Sexual fluidity has obstacles before it can help develop a solid sexual identity. Many wouldn’t understand if you said your sexual orientation was fluid. This brings us to the first obstacle; fear of the unknown. When others do not understand your sexuality, they simply don’t interact with you sexually. Such a restriction (i.e. not having access to sexual interactions) can create a self identity that is dull and depressing. Being sexually cut off from your peers is a fear I understand because I’ve felt that way much of my life.
Allow me to explain.
In my first post, I mentioned the best way to begin a relationship is with the similarities, or the “common ground”. I introduced this concept as being a joining of similar elements between each person’s own list of wants & needs. It can be difficult to discover what ones list is composed of while in a romantic and/or sexual relationship. This is why I believe the healthiest relationships start with individuals as opposed to couples. It took me years to come to this realization because I was afraid of being single. I was also afraid of identifying as anything other than gay.
We enter and leave this world alone. It would be wise to then make the crucial decisions of our lives from that perspective. The perspective of who we are when we are alone. I believe the journey to understand and to accept our sexualities begins with this perspective. It’s what led me to pansexuality and sexual fluidity in the first place!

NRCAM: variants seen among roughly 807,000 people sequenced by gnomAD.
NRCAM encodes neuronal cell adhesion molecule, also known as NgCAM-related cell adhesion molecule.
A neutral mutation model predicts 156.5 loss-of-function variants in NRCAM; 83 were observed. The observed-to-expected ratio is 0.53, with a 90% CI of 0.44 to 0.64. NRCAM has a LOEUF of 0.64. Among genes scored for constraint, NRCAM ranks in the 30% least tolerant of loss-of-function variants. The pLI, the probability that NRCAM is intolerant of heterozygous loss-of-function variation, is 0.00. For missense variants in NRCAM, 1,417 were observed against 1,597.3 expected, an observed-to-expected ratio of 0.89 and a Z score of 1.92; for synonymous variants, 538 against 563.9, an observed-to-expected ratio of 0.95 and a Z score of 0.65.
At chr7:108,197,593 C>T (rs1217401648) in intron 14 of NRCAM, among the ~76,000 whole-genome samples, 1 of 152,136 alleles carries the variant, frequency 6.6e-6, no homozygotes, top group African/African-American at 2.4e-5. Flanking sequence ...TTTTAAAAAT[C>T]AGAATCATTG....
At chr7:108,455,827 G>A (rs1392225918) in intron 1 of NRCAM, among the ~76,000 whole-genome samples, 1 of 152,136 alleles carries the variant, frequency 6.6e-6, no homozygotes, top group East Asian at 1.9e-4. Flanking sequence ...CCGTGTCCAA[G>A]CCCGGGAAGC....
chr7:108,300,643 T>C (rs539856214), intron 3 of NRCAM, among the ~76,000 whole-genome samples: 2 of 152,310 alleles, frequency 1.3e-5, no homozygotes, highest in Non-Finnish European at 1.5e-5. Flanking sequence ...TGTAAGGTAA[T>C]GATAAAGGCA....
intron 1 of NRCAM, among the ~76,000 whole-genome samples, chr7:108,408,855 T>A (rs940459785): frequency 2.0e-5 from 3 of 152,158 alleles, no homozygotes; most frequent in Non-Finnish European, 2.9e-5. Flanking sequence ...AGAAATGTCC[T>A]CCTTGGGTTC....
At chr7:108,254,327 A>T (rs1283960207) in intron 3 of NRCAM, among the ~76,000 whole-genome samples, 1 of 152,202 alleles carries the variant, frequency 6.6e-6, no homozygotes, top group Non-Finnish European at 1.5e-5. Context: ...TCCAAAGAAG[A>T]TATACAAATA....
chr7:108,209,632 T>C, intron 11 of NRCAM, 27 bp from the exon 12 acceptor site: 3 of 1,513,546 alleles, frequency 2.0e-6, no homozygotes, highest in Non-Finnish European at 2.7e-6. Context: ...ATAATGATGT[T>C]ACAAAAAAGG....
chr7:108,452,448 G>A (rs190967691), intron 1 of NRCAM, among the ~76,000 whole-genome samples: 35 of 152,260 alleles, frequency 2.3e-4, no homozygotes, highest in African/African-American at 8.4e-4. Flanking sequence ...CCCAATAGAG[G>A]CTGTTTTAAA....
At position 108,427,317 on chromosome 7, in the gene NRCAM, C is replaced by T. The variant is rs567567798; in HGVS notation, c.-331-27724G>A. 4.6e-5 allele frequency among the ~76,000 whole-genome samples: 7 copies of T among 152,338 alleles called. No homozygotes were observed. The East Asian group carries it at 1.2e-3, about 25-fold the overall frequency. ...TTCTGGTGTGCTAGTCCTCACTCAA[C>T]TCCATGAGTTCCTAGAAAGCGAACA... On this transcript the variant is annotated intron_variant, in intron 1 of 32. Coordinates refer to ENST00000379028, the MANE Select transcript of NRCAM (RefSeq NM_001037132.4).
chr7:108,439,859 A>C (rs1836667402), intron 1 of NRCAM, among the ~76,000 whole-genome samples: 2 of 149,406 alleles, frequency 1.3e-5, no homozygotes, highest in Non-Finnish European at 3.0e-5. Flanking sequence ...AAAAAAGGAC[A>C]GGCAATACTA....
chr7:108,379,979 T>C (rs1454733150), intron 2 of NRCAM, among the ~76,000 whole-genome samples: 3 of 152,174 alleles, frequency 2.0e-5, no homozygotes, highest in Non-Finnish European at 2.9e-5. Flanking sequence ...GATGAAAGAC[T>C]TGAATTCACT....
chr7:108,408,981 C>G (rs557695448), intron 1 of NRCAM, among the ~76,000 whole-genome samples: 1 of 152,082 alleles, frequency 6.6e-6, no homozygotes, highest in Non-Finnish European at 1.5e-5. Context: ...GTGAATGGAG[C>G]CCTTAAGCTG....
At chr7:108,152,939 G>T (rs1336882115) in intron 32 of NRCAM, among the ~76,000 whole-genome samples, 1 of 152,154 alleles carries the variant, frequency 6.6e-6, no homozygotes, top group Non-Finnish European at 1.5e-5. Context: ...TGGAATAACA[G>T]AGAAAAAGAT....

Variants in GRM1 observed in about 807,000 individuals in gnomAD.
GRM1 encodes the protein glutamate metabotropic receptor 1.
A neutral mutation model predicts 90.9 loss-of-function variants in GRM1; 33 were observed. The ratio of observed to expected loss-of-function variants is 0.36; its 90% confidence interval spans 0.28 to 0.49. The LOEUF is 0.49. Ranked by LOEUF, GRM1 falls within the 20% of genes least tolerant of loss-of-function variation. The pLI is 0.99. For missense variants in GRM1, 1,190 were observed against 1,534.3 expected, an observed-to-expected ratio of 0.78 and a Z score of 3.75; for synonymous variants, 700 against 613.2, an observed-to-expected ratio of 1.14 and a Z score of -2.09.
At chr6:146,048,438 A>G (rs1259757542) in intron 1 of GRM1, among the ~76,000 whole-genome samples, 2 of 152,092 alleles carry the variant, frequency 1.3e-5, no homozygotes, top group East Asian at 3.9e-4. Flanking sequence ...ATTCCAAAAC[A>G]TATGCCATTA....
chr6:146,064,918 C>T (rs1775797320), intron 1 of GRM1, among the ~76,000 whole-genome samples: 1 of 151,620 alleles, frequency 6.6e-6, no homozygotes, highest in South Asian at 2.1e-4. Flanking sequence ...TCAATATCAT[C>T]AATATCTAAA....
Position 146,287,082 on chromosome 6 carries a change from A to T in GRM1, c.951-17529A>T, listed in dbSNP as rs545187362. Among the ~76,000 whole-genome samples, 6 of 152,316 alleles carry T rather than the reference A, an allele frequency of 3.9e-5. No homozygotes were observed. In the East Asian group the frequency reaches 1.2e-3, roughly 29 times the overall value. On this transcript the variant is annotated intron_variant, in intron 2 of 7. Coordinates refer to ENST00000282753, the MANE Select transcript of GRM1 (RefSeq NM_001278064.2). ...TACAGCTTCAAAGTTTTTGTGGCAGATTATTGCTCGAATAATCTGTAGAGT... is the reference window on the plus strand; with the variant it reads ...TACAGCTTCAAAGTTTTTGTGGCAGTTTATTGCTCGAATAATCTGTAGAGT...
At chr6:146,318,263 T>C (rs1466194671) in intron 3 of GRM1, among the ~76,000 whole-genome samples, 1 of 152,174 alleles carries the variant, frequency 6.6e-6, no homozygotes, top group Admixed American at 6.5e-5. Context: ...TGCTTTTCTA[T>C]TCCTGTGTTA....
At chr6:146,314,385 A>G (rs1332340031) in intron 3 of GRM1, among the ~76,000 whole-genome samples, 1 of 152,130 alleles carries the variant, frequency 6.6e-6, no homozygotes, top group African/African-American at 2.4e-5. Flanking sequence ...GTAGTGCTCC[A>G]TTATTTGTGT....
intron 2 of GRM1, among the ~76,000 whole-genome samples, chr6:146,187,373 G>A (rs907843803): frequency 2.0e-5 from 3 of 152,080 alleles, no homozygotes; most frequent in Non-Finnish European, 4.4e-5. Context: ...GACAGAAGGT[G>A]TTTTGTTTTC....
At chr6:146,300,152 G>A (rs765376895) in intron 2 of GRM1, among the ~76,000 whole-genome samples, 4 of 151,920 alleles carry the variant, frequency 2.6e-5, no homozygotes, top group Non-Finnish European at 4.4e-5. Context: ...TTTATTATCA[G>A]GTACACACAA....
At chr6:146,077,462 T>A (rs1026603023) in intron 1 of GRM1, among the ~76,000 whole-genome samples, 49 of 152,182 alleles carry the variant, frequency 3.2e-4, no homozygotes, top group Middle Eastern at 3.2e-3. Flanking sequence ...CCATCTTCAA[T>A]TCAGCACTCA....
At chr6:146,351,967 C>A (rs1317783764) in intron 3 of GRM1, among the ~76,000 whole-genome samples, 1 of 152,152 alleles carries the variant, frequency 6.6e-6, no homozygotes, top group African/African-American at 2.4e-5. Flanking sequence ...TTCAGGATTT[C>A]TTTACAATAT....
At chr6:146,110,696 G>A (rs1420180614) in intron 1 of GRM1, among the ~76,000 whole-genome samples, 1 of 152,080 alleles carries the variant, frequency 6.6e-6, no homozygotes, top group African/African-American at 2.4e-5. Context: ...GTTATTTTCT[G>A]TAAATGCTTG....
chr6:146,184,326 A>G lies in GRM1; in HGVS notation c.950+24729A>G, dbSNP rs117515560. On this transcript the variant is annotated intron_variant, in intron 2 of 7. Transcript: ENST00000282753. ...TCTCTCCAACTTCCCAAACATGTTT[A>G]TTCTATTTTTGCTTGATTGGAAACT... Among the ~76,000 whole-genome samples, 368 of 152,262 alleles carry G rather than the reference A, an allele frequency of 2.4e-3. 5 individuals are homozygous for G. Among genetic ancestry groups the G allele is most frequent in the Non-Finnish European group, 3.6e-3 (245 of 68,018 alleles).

What I love the most about sexual fluidity is its ambiguity. As most do not understand the concept, it forces an individual to approach sexuality free from societal pressures and taboos. Regulated terms in society (gay, straight, bi, etc.) carry these, as well as stereotypes and connotations, with them. This can severely restrict the freedom an individual needs when first constructing their sexuality. Not being nearly as regulated as other phrases, sexual fluidity allows this freedom for the individual.
This is the freedom I found when I first left my former homosexual identity and ventured forth into sexual fluidity. It allowed me to look at the difficulty I had in developing close & intimate relationships in a different light. It gave me the opportunity to focus less on others and focus more on myself.
So how do we overcome the fear of the unknown when it comes to sexual fluidity? I see part of this fear as a fear of ourselves. Everyone knows that human nature (as well as nature itself) is not as simple as a binary is. The sexual binary leaves many questions we all have about ourselves unanswered. Part of what makes sexual fluidity so scary to so many is the fact that it forces individuals to face those very questions left unanswered.
Another way of saying this is that it forces us study the list of wants & needs we have as individuals. It also forces us to develop an understanding of which issues are non-negotiable in relationships and which issues are. Developing a deeper understanding of relationships is really scary because it means up-rooting all the previous boundaries we have and developing new ones. This is exactly what sexual fluidity does.
However, the payoff can be quite astounding. At least it has been for me.
A Frolicker of Sexual Fluidity